The great Marina Abramovic
I can’t pretend to be impartial. She’s terrific, and her show at the Serpentine this summer, if it’s anything like it’s predecessor at MoMA, should be a hit. In this interview, she talks about those crazy shows she did in the ’70s when she cut / burned / knocked herself out, and how these kinds of gigs don’t exactly make it easy for her to get (and keep) a date. Read the whole thing here>>
Interview with Diane Keaton
In which she defends Woody Allen. Read the whole thing here>>
Interview with Michael Lewis
The writer and scourge of Wall Street talked over lunch in LA about his new book, Flash Boys, and how we’d all be much better off if mainly dumb people went into banking. Read the whole thing here >>
An interview with Samantha Geimer
Samantha Geimer’s account of what happened to her in the summer of 1977 and the subsequent 35 year fall-out is fascinating for its nuance, its good humour, and for her capacity to move on, in the face of frequent and very public reminder. It was one of those interviews that genuinely surprised me, in a good way.
The Cuteness of Bees
Here’s my interview in the Guardian with Margaret Atwood, on top scathing form on a variety of subjects. Particularly interesting: her dismissal of Lauren Sandler’s essay in the Atlantic, counselling women writers to have only one child. “Make your choice,” she says. “Stop whining about it and filling up copy in magazines with your guilt.”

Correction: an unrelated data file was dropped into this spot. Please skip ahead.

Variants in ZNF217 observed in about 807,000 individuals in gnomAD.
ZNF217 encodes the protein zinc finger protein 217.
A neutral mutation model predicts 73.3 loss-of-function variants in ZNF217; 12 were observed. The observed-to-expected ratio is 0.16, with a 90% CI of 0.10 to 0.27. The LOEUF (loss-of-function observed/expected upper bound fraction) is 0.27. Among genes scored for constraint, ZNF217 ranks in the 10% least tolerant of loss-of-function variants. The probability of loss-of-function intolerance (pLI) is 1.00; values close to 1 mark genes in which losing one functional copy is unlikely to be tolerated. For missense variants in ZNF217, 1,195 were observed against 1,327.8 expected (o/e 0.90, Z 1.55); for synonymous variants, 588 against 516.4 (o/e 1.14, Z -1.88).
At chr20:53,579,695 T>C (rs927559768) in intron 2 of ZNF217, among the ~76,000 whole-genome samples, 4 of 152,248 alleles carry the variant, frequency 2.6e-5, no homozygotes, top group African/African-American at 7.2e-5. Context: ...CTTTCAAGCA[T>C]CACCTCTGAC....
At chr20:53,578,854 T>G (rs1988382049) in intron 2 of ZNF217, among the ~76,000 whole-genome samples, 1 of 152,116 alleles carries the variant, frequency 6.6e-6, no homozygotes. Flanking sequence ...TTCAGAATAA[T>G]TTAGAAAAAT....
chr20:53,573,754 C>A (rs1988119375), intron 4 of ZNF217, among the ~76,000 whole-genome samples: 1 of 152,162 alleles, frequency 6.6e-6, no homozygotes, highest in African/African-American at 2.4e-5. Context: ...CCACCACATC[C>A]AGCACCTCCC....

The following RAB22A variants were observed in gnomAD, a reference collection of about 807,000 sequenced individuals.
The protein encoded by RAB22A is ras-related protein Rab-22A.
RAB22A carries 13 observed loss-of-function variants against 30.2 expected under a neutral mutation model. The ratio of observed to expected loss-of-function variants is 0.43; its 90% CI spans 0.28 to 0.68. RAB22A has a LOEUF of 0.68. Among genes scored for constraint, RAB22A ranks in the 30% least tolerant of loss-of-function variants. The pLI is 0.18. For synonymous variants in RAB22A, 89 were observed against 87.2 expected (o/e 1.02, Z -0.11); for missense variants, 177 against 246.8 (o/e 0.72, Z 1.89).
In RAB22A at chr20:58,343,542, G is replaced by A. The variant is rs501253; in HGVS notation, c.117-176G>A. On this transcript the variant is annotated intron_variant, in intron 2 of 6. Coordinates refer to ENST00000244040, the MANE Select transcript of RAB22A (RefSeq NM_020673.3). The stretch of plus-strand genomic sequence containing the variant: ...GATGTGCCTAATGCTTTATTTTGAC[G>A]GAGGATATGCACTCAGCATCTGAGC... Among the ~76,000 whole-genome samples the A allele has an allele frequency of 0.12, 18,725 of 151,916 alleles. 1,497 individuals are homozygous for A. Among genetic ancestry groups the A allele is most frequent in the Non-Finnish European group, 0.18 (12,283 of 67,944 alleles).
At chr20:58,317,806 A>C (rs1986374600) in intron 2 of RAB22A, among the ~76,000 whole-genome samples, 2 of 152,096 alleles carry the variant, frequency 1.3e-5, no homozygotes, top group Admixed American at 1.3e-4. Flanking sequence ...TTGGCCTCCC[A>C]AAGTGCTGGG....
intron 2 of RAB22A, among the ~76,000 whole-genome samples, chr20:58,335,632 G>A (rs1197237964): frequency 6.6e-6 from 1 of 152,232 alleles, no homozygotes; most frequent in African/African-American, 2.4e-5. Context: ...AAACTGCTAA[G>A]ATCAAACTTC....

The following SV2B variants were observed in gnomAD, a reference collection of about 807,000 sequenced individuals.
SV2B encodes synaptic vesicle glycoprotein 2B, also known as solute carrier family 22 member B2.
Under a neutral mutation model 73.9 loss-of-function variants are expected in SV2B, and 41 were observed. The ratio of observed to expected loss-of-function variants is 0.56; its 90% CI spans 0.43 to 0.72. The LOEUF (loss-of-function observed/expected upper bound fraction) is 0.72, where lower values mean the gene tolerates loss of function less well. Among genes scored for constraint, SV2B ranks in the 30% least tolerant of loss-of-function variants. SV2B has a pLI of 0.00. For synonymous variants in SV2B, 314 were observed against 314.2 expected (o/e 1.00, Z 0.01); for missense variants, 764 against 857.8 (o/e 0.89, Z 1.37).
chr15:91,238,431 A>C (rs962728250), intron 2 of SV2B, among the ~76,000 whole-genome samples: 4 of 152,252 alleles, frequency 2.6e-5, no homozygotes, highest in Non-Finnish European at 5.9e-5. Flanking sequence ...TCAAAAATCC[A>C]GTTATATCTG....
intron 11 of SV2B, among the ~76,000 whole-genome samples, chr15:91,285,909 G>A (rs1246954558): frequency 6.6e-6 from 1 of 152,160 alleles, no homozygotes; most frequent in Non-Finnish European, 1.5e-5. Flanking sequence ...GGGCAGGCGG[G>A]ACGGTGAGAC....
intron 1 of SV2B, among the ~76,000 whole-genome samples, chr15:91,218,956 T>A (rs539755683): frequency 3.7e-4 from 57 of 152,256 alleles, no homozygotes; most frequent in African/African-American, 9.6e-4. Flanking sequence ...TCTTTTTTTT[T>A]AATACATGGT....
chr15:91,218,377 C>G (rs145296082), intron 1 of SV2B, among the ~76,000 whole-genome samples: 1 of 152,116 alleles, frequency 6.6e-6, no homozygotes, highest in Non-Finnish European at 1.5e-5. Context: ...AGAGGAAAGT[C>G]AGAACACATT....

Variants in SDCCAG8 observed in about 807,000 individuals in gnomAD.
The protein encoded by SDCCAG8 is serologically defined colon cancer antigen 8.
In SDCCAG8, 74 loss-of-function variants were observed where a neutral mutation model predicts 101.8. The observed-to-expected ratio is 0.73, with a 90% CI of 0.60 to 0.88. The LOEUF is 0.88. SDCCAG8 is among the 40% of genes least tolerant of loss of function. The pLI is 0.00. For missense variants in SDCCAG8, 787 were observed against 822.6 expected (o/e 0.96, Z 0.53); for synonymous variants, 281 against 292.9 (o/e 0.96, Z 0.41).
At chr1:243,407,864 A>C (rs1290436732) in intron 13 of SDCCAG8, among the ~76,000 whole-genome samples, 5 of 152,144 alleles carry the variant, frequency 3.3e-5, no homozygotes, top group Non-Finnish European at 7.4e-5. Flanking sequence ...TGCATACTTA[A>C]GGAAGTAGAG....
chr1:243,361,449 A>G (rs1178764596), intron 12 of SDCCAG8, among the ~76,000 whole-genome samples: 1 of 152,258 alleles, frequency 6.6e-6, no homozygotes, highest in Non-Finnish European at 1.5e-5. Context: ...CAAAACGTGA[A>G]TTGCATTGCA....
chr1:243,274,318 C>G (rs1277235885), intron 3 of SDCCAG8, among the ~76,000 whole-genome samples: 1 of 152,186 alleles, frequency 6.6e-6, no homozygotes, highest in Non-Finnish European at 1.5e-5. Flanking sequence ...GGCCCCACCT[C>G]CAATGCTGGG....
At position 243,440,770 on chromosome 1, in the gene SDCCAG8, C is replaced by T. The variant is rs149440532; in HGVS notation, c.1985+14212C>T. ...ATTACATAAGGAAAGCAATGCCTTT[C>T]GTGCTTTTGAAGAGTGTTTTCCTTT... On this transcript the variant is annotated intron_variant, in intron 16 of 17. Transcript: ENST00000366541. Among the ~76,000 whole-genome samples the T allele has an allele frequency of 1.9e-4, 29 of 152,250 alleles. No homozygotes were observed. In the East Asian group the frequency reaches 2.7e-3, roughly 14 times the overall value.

“The heart of my life, the life of my heart…”
It is almost five years since Pat Kavanagh, the literary agent, died of a brain tumour. In that time, Julian Barnes, her husband of 30 years, has published three books: a collection of short stories, a collection of essays on the influence of other writers and a novel, The Sense of an Ending, which won the Booker Prize in 2011.
His new book, Levels of Life, is another hybrid; part essay, part short story and part memoir, the latter of which will generate by far the most interest, as memoirs of the well known in turmoil will do. But it is a mistake to see the book as anything other than whole: an effort by Barnes, using everything he has, to look down on the landscape of loss.
Barnes is at his home in north London. “Grief,” he says, “seems at first to destroy not just all patterns, but also to destroy a belief that a pattern exists.” This changes with the altitude of years. So now here is the pattern and it is extraordinary.